Anyone who followed the films — Evil Dead, Evil Dead 2 and Army of Darkness — is sure to have certain expectations, and the musical version written by George Reinblatt and directed by Stacy Brothers does not disappoint.
“The Evil Dead series has indeed found its way into the hearts of a select group,” Brothers stated. “For campy horror fans, it’s the perfect mix of the humorous and the horrific.”
The musical version contains elements of all three movies, which takes place primarily in the classic horror story setting: a remote cabin deep in the woods, making the quaint Stoner Theater a perfect stage for this outrageous story depicted by a small cast. The demonic trees begin the show, baiting polite chuckles from a surprisingly age-diverse audience. But silent, shoulder-shaking giggles soon morphed into what sounded more like cackling hyenas long before the booze was kicking in.
If the dialogue among the exaggerated stereotypical characters isn’t amusing enough, the lyrics and performance of all 17 songs on the program are sure to possess even the grimmest audience member with laughter. Dance parts are hysterically choreographed by David M. Decker, drawing viewers into the story with songs like “Bit Part Demon,” “Good Old Reliable Jake” and the debut number “Cabin in the Woods” — all impressively performed by the five main characters: the good guy next door, Ash (Ben Ward); his blonde and big-boobed girlfriend Linda (Lauren Shun); his best friend, play boy Scott (Zander Morales); Scott’s slutty sidekick Cheryl (Bridget Roepke); and the whiney fifth wheel, Ash’s sister Shelly (Claire Ottley). Each showcases exceptional vocal talents in solo, duet and group songs throughout the performance. As the sexy, seductive ladies of the cabin turn one-by-one into evil banshees, the song “What the Fuck Was That,” performed by Ash and Scott, serves as a hilarious climax heading into intermission.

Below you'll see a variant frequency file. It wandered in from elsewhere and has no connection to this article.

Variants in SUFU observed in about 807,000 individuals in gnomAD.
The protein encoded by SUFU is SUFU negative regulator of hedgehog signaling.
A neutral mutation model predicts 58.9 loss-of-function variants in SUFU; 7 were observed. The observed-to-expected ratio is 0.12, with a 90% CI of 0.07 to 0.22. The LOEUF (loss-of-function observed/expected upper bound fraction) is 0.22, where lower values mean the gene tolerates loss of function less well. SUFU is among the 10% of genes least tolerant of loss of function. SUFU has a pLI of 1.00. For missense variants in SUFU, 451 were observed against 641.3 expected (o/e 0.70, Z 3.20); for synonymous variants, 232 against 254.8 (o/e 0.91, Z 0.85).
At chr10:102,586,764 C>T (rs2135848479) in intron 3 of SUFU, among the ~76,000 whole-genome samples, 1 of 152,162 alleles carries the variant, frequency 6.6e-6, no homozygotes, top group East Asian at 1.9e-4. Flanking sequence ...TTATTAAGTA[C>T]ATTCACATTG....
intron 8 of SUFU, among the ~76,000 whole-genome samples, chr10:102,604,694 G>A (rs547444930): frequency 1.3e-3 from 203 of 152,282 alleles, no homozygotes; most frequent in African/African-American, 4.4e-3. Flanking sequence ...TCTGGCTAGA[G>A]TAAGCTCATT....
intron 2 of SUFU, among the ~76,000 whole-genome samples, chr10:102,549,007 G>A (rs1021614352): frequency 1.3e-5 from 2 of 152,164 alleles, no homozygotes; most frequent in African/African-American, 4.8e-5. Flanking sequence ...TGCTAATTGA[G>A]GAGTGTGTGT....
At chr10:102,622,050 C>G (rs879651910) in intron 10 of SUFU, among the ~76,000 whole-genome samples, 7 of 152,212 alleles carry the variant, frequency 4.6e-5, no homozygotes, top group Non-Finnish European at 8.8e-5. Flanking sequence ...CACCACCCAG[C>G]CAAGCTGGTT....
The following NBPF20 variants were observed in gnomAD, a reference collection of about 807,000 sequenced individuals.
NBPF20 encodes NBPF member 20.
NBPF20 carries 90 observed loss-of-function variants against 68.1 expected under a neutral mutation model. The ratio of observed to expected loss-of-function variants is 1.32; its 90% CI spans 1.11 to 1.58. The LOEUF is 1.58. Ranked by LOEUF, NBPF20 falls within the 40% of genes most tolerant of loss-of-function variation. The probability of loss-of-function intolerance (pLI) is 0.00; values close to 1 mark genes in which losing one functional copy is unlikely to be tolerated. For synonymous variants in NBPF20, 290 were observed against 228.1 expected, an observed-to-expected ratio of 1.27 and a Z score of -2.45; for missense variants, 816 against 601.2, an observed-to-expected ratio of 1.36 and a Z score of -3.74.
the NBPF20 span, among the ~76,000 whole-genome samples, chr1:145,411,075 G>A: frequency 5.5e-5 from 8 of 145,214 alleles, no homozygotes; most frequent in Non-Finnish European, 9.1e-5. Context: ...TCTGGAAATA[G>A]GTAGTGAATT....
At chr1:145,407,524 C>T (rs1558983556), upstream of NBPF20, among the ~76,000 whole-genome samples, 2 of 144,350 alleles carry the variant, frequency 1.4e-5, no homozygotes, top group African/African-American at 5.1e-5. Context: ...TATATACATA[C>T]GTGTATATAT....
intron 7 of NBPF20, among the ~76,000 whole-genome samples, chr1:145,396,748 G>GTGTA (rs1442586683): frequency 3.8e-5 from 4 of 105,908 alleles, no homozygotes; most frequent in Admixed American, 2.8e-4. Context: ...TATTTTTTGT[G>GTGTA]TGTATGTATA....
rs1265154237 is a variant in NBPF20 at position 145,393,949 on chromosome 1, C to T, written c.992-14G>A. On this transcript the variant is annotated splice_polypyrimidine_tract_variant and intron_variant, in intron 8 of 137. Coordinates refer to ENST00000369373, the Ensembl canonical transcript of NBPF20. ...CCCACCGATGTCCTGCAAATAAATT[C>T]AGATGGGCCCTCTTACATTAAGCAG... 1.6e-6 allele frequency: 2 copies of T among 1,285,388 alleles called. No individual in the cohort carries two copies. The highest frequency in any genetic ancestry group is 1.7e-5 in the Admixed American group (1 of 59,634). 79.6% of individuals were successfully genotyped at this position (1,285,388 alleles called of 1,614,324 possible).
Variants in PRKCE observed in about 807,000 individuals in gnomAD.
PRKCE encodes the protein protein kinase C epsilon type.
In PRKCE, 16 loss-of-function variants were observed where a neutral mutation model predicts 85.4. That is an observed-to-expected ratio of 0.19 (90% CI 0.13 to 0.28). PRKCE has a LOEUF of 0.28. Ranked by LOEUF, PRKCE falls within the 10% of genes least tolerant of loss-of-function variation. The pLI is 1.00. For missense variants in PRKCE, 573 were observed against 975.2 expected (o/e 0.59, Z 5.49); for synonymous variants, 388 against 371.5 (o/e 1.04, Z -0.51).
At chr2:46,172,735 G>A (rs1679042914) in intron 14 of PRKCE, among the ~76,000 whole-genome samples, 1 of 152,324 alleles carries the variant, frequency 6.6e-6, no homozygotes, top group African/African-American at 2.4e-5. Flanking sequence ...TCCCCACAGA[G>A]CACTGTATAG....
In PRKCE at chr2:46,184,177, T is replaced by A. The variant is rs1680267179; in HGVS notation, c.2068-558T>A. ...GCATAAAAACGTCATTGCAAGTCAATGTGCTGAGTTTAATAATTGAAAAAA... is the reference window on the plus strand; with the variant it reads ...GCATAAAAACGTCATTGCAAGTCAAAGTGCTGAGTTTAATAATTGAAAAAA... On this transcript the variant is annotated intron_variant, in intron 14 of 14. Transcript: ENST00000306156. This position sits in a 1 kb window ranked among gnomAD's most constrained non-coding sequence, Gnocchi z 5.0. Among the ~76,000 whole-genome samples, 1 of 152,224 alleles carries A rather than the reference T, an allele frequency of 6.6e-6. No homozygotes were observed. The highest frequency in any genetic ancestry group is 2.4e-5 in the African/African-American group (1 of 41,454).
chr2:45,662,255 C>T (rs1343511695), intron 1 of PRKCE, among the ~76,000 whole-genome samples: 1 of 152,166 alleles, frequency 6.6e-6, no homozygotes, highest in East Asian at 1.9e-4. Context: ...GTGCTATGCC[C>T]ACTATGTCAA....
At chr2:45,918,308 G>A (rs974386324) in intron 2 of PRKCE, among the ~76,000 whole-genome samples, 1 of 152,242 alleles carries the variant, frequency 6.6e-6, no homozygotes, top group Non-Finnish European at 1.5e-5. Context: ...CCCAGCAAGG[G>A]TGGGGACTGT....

The music, written primarily by Reinblatt, Frank Cipolla, Christopher Bond and Melissa Morris, is crucial to setting the mood. The scene music and the songs are uniquely authenticated by the live band consisting of Ben Hagen (keyboard), Dustin Harmsen (bass), Ben Lehl (guitar) and Joel Gettys (drums) veiled by a hunter’s blind just offstage.
True to the original films, Evil Dead: The Musical brilliantly spoofs the horror genre using everything at its disposal, from cheesy props for fake severed hands and heads to the blood spatter zone for the hardcore fans donned in plastic rain ponchos in the front row.
Reinblatt nailed it, penning contemporary additions — to make the dated story current — while still remaining true to the satirical spirit of the original. Evil Dead: The Musical is a hysterical experience for cult followers and fresh meat alike.